H1B CAP Season FY 2017 is soon approaching. This is a reminder to our community of clients, listeners and readers, to be aware of the updates and trends in preparing not only your H1B petition but also for Request for Evidence (RFE).
If you are a Consulting company or an employee of a Consulting company, be aware that the “end client letter” is still a seminal document. This will provide you an approval notice without any RFE. The “end client letter” can be in the form of emails or purchase orders. USCIS will ask this question about the employer often, but we have also seen this question referring to an “end client”. For instance, our client was recently asked about the “end client” employing specialty workers! Such a question is quite significant in many perspectives. But for now, having an “end client letter” in advance and mentioning the requirement of a specialty worker for the project that the employee is being staffed on, will avoid such comprehensive RFE. Using the prongs reflected in the RFEs, ALO has an end client template, which cover all issues that pertain to USCIS requirements.
“Specialty occupation” Requests for Evidence (popular area of USCIS interest for FY 2016 filings, filed in April 2015) and “Right to control” Request for Evidence, are here to stay. Avoid such RFEs by making the proof of the Employer-Employee relationship an integral part of your filing. The Employer-Employee Memo of January 8, 2010 provides guidance to the adjudicators on how to determine such relationship between the petitioner and the beneficiary, especially in the third party employment situations. USCIS relies on common law principles and two leading Supreme Court cases (Nationwide Mutual Insurance Company v Darden and Gastroenterology Assoc. v Wells) in determining what constitutes an employer – employee relationship. The Common law test requires that all incidents of the relationship be assessed and weighed with no one factor being decisive. The Supreme Court has stated:
Among other factors relevant to this inquiry are the skill required, the source of instrumentalities and tools, the location of the work, the duration of the relationship between the parties, whether the hiring party has the right to assign additional projects to the hired party, the extent of hired party’s discretion over when and how long to work, the method of payment, the hired party’s role in hiring and paying assistants, whether the work is part of the regular business of the hiring party, whether the hiring party is in business, the provision of employee benefits, and the tax treatment of the hired party.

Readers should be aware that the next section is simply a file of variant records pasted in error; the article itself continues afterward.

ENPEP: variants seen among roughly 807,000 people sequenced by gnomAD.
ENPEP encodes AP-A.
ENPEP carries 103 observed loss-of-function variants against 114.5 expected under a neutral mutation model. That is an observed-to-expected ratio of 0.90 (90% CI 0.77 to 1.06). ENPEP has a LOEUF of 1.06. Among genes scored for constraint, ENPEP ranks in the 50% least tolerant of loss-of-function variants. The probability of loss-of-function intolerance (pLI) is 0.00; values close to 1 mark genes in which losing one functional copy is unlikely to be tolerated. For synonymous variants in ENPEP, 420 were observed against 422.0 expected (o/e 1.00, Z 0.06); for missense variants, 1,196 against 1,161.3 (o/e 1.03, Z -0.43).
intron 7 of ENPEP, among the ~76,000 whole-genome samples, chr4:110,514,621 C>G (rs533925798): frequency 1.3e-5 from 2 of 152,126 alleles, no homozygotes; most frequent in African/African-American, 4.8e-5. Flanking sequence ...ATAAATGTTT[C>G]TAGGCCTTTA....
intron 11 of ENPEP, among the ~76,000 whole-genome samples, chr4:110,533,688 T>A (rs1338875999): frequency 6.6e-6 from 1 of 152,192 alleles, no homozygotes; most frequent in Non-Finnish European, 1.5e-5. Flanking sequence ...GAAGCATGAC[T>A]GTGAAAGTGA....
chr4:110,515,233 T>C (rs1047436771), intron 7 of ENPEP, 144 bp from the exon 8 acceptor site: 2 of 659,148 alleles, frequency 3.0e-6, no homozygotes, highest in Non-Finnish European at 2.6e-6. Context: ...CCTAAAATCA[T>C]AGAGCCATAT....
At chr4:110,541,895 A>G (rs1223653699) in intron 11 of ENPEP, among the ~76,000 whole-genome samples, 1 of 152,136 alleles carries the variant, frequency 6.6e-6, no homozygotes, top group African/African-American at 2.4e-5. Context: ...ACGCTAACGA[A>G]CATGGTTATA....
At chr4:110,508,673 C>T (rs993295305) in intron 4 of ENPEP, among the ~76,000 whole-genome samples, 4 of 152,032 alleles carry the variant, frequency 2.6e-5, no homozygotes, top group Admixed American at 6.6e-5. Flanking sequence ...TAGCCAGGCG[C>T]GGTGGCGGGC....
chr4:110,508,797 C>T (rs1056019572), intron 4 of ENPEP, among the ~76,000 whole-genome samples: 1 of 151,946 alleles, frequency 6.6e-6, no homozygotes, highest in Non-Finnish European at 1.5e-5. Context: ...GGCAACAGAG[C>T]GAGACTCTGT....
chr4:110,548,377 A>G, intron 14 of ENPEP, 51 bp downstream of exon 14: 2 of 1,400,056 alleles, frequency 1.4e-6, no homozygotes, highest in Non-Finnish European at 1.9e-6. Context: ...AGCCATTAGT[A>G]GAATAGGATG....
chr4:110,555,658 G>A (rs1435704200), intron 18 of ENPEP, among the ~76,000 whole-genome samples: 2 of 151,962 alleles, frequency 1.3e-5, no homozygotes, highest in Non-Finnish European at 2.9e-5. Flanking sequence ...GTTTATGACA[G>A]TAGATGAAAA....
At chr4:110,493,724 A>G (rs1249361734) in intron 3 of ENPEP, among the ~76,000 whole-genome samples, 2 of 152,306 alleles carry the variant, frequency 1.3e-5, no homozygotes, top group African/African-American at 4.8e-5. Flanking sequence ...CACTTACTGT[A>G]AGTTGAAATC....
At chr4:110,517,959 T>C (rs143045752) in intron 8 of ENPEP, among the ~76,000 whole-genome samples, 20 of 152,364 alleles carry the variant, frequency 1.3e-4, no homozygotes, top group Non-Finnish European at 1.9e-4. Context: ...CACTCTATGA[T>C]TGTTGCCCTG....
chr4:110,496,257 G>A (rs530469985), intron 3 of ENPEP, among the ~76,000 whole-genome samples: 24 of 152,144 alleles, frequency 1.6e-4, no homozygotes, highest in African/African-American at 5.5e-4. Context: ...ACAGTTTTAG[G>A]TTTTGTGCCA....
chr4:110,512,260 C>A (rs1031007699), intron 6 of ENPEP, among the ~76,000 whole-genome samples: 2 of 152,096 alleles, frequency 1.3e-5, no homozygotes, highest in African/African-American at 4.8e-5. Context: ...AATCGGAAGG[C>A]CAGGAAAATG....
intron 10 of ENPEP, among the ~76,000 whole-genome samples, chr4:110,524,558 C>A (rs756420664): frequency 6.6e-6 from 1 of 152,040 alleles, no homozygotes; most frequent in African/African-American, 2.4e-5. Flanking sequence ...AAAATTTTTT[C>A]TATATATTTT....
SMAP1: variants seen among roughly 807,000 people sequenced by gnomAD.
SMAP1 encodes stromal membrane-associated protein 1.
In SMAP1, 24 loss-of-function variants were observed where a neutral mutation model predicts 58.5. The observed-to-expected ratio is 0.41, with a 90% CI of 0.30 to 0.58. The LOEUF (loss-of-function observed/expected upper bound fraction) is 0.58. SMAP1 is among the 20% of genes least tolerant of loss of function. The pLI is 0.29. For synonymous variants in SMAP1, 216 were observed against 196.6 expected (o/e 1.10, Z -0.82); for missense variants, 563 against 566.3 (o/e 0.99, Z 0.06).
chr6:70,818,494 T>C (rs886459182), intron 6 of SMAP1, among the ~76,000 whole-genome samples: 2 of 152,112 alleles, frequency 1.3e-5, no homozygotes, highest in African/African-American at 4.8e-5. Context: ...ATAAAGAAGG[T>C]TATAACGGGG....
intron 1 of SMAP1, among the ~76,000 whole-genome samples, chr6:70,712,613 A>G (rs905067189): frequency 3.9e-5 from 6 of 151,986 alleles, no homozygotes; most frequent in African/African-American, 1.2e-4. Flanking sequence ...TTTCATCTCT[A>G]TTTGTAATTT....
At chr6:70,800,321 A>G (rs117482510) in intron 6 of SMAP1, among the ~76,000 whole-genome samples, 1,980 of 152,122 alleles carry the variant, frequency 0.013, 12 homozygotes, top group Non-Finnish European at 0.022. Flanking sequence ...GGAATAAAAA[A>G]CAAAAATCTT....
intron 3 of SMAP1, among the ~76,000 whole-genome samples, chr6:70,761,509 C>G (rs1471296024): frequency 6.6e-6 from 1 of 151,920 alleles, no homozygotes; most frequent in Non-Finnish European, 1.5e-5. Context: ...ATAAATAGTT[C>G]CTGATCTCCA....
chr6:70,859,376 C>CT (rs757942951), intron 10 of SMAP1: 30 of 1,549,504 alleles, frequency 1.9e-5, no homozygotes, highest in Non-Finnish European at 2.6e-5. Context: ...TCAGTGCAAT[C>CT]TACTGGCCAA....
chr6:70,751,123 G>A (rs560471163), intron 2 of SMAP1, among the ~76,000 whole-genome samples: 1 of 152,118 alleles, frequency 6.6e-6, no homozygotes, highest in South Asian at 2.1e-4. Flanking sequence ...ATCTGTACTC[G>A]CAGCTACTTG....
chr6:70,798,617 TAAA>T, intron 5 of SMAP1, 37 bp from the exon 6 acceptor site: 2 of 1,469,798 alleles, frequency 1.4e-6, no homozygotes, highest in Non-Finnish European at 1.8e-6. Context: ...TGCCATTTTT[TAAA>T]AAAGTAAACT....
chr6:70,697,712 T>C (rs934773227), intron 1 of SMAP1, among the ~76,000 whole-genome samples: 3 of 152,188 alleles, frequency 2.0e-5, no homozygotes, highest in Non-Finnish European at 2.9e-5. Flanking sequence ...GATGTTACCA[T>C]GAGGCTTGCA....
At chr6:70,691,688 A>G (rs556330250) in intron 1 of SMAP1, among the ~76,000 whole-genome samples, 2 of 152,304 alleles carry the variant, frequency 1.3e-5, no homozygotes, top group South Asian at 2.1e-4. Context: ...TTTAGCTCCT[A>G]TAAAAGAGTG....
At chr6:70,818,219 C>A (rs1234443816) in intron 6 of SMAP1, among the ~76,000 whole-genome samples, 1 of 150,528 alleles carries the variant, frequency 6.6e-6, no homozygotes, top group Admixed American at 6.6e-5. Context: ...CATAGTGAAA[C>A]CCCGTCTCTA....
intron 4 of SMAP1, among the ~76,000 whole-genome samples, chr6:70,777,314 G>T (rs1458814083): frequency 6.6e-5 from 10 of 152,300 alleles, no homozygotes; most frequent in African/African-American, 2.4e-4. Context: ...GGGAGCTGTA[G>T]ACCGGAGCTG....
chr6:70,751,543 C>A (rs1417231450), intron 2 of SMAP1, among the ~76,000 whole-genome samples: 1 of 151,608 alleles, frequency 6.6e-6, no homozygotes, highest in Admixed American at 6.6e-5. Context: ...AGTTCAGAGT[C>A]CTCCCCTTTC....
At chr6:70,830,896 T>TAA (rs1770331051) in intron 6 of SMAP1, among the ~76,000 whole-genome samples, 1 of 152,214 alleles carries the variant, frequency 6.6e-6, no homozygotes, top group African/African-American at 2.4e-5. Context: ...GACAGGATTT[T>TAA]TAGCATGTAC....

If you are a new company or an established company which has changed its address recently, please be aware that you may be asked to validate the existence of your business through the VIBE request for evidence. Please update all online profiles with address or name changes. You can also establish your existence by registering your company on online databases. USCIS recommends filing with Dunn & Bradstreet (D&B) . Please be aware that D&B requires you to pay a subscription to register your company with them.
Additionally, one of the USCIS announcements that will impact you FY 2017 CAP cases is increase of fee for certain H-1B and L-1 petitioners. If your company employs more than 50 people and more than 50% of your employees are on H-1B or L-1 nonimmigrant status, DHS will now require an augmented fee of $4,000 for certain H-1B petitioners and $4,500 for certain L-1 petitioners. This fee is in addition to the base processing fee of $2,325 to be enclosed with your filing. Such a fee arrangement will remain effective through September 30, 2025. It replaces the $2,000 fee increase provision, which had its sunset on September 30th, 2015.
If you or your employee is a student using the STEM provision and their STEM OPT is expiring prior to the filing of the H1B CAP petition or soon after, please be aware that the CAP GAP provisions will be impacted due to the current lawsuit filed in the US District Court for the District of Columbia (Washington Alliance of Technology Workers v DHS). The matter challenged the Department of Homeland Security’s failure to follow public notice requirement when promulgating the STEM OPT rule in 2008. District Judge Huvelle ordered that vacatur of the 17-month STEM OPT extension is stayed until May 10,2016. Please be aware of the challenges when requesting an extension of stay, if the final regulation is not in place prior to the April, 1st, 2016.
At the end of our discussion, please arrange your documents for filing the petition for the CAP season 2017. This includes and is not limited to credential evaluations of all foreign degrees and certifications, mark sheets with transcripts and any experience letters. Please make sure to use updated forms directly downloaded from relevant Govt. links. Give a thought to your travel plans.
We wish you the Best this coming H1B CAP season and ask you to stay tuned for updates by logging back on to www.ahluwalialaw.com.